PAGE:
The UK-India defence relationship has never been stronger. The bilateral programme of exercises, exchanges, training courses and high-level visits across all Services continues to accelerate. The defence equipment co-operation is in good shape and includes supply of AW101 helicopters and Hawk Advanced Jet Trainers.
Partners on global issues
The UK strongly supports India’s candidature for a Permanent Seat on the UN Security Council and will continue to work with India to achieve this.
The UK and India are partners in the G20 and worked closely together to promote a global recovery after the 2008-9 financial crisis.
Migration is an important part of the UK-India relationship. The UK has its largest visa operation in India – with close to 425,000 visa applications made in 2009. The aim of the visa system is to allow the admission of genuine visitors, workers and students, whilst preventing abuse of the UK’s immigration system.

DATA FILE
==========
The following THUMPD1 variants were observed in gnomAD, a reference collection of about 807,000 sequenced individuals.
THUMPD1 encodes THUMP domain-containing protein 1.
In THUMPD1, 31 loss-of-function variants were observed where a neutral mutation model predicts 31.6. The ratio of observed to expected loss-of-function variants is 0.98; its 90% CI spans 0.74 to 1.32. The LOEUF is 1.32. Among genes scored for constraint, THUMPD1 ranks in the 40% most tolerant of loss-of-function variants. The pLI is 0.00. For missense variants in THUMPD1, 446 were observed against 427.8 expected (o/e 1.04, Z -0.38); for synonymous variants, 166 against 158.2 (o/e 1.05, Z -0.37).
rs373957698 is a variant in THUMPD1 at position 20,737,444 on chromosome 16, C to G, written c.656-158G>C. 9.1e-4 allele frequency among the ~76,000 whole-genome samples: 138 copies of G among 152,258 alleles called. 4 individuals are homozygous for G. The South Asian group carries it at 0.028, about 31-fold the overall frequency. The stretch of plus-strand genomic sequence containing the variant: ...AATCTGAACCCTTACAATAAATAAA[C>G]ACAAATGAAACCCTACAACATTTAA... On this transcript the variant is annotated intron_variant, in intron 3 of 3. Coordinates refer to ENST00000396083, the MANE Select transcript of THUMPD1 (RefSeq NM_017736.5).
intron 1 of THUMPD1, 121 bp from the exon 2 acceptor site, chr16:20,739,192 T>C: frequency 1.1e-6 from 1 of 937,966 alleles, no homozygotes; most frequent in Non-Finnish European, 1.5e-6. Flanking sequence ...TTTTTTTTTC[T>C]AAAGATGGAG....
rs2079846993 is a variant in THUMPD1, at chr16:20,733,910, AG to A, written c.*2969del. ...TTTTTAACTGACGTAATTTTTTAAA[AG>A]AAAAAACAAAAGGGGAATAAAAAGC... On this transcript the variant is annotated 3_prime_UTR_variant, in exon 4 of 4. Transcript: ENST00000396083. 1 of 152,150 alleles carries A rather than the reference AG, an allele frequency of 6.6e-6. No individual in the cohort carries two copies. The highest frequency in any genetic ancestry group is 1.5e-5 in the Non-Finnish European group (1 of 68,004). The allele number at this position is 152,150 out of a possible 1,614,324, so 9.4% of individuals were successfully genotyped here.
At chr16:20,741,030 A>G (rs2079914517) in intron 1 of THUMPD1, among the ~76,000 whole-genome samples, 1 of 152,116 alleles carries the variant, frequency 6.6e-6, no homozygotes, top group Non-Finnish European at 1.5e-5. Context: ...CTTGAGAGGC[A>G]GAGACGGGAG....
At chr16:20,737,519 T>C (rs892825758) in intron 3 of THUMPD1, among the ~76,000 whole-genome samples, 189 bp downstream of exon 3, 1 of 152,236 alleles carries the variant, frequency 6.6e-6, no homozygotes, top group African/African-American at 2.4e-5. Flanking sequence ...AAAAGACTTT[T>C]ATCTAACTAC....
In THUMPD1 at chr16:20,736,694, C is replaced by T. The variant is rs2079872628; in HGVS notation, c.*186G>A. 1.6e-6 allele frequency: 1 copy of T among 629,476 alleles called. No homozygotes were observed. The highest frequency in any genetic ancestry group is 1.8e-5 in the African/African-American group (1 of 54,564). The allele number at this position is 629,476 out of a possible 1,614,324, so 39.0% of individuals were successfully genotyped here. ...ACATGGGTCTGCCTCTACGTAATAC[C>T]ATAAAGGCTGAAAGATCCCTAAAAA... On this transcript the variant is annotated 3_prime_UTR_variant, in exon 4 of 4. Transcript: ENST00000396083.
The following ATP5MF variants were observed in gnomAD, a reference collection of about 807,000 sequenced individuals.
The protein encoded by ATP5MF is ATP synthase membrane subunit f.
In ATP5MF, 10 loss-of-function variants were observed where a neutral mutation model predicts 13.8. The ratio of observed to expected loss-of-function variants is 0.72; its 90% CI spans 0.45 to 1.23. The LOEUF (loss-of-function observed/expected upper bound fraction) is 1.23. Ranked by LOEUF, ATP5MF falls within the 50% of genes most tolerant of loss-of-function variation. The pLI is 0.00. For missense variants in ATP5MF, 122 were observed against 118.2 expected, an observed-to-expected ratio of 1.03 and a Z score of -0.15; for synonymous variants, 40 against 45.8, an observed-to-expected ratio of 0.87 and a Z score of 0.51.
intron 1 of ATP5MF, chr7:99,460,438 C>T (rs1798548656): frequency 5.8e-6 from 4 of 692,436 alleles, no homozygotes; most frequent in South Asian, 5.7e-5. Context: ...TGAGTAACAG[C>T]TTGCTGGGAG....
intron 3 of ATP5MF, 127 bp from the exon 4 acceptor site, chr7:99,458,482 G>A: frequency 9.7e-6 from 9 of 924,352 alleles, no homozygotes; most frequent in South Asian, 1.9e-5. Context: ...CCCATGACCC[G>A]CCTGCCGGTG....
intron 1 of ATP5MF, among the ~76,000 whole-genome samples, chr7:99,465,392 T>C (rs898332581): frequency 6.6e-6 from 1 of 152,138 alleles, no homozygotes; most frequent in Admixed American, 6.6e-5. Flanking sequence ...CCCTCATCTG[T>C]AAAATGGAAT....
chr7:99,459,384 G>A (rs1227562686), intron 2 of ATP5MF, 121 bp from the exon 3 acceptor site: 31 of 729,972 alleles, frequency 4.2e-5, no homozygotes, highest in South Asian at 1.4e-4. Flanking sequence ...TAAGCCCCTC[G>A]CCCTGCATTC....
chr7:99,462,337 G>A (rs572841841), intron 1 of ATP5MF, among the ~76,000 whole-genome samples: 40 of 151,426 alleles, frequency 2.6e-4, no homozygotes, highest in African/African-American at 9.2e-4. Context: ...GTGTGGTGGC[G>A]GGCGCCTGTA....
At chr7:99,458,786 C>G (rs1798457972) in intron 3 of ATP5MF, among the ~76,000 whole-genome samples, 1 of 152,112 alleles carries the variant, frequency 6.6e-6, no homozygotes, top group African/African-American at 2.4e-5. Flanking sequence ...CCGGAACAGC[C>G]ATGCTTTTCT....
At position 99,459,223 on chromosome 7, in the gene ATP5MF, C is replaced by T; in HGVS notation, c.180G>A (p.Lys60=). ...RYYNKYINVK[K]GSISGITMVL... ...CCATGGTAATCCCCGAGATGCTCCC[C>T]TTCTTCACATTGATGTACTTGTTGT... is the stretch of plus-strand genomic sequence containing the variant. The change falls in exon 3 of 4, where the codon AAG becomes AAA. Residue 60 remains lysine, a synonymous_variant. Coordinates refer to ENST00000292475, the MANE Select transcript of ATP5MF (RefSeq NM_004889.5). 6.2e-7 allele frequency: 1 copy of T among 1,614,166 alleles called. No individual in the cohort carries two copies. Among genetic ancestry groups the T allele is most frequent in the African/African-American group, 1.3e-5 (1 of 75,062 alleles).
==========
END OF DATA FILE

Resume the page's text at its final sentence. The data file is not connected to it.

UK and India have a shared priority to prevent irregular migration and associated exploitation, and to effect the timely return of illegal migrants. We are working well together to achieve these objectives
The UK looks forward to celebrating the Commonwealth Games in Delhi in October. The UK will be represented at the highest level by HRH the Prince of Wales.
The UK has full confidence in India’s commitment to deliver safe, secure and successful Games. British and Indian police and security officials are co-operating closely in the run-up to and the hosting of the events.
Last updated: 16 July 2010